We actually don’t know how fast the Milky Way’s supermassive black hole is spinning but there might be a way to find out

Unless Einstein is wrong, a black hole is defined by three properties: mass, spin, and electric charge. The charge of a black hole should be nearly zero since the matter captured by a black hole is electrically neutral. The mass of a black hole determines the size of its event horizon, and can be measured in several ways, from the brightness of the material around it to the orbital motion of nearby stars. The spin of a black hole is much more difficult to study.

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Astronomers Watch a Star Get Spaghettified by a Black Hole

The gravitational dance between massive bodies, tidal forces occur because the pull of gravity from an object depends upon your distance from it. So, for example, the side of Earth near the Moon is pulled a bit more than the side opposite the Moon. As a result, the Earth stretches and flattens a bit. On Earth, this effect is subtle but strong enough to give the oceans high and low tides. Near a black hole, however, tidal forces can be much stronger, creating an effect known as spaghettification.

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Black Holes Make Complex Gravitational-Wave Chirps as They Merge

Gravitational waves are produced by all moving masses, from the Earth’s wobble around the Sun to your motion as you go about your daily life. But at the moment, those gravitational waves are too small to be observed. Gravitational observatories such as LIGO and VIRGO can only see the strong gravitational waves produced by merging stellar-mass black holes.

The chirp of a gravitational merger is clear. Credit: LIGO/Caltech/MIT/University of Chicago (Ben Farr)
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Einstein. Right again

Most of what we know about black holes is based upon indirect evidence. General relativity predicts the structure of a black hole and how matter moves around it, and computer simulations based on relativity are compared with what we observe, from the accretion disks that swirl around a black hole to the immense jets of material they cast off at relativistic speeds. Then in 2019, radio astronomers captured the first direct image of the supermassive black hole in M87. This allows us to test the limits of relativity in a new and exciting way.

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The Shadow from M87’s Supermassive Black Hole has Been Observed Wobbling Around the Galaxy for Years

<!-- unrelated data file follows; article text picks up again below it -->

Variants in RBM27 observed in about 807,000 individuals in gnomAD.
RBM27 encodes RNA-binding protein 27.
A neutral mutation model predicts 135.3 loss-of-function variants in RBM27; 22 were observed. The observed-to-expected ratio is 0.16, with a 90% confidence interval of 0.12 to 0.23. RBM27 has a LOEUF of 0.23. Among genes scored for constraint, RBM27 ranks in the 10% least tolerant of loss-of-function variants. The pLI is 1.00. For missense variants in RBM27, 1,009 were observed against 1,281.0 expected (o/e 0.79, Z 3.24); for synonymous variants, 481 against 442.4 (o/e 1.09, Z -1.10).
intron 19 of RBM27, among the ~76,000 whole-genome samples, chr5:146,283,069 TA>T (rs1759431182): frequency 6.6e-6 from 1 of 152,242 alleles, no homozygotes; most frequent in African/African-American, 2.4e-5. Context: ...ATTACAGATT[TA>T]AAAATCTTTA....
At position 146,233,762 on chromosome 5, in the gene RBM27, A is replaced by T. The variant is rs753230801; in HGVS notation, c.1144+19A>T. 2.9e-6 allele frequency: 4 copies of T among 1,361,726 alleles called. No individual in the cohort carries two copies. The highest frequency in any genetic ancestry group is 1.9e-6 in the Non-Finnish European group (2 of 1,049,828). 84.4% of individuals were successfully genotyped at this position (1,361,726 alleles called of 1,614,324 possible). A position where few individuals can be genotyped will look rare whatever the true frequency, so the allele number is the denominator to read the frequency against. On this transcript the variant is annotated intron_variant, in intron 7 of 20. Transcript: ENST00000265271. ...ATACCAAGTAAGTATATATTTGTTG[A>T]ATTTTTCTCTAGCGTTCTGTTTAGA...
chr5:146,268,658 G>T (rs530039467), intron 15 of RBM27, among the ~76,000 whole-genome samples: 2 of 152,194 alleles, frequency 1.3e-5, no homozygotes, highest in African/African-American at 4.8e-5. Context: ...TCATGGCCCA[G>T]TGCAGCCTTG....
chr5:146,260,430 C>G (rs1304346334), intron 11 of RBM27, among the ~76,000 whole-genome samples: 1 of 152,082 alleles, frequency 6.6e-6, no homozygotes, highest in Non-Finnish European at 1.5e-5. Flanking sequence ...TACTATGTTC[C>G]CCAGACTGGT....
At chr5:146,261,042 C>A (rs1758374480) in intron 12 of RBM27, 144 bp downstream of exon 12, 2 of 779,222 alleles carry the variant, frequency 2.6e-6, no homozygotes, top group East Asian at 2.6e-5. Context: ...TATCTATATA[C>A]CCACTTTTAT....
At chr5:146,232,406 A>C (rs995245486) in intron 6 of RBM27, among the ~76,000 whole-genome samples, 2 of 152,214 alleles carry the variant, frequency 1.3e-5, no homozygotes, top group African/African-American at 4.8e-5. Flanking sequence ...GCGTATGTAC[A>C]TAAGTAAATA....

In April 2019, the Event Horizon Telescope (EHT) released the first direct image of a black hole. It was a radio image of the supermassive black hole in the galaxy M87. Much of the image resulted from radio light gravitationally focused toward us, but there was also some light emitted by gas and dust near the black hole. By itself, the image is a somewhat unimpressive blurry ring, but the data behind the image tells a more detailed story.

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Behold! The Black Hole Collision Calculator!

Black holes have been the subject of intense interest ever since scientists began speculating about their existence. Originally proposed in the early 20th century as a consequence of Einstein’s Theory of General Relativity, black holes became a mainstream subject a few decades later. By 1971, the first physical evidence of black holes was found and by 2016, the existence of gravitational waves was confirmed for the first time.

This discovery touched off a new era in astrophysics, letting people know collision between massive objects (black holes and/or neutron stars) creates ripples in spacetime that can be detected light-years away. To give people a sense of how profound these events are, Álvaro Díez created the Black Hole Collision Calculator (BHCC) – a tool that lets you see what the outcome of a collision between a black hole and any astronomical object would be!

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Why Can Black Hole Binaries Have Dramatically Different Masses? Multiple Generations of Mergers

On the 12th of April, 2019, the LIGO and Virgo gravitational wave observatories detected the merger of two black holes. Named GW190412, one of the black holes was eight solar masses, while the other was 30 solar masses. On the 14th of August that year, an even more extreme merger was observed, when a 2.5 solar mass object merged with a black hole nearly ten times more massive. These mergers raise fundamental questions about the way black hole mergers happen.

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Supermassive black holes can cloak themselves in a cocoon of dust, making them invisible even when they should be bright quasars

Quasars are the most powerful sources of light in the universe, but sometimes they’re hard to find. A team of astronomers used the Chandra X-ray Space Telescope to find some diamonds in the rough.

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A Black Hole Popping Out of a Traversable Wormhole Should Give Off a Very Specific Signal in Gravitational Waves

Gravitational wave astronomy has changed the way we view the cosmos. In only a few years we have observed the collisions of black holes and neutron stars, confirming our theoretical understanding of these strange objects. But as gravitational wave astronomy matures, it will allow us to probe the very nature of space and time itself. While that day is a long way off, it hasn’t stopped the theory folks from dreaming up new discoveries. For example, how it might look if a black hole and a wormhole interact.

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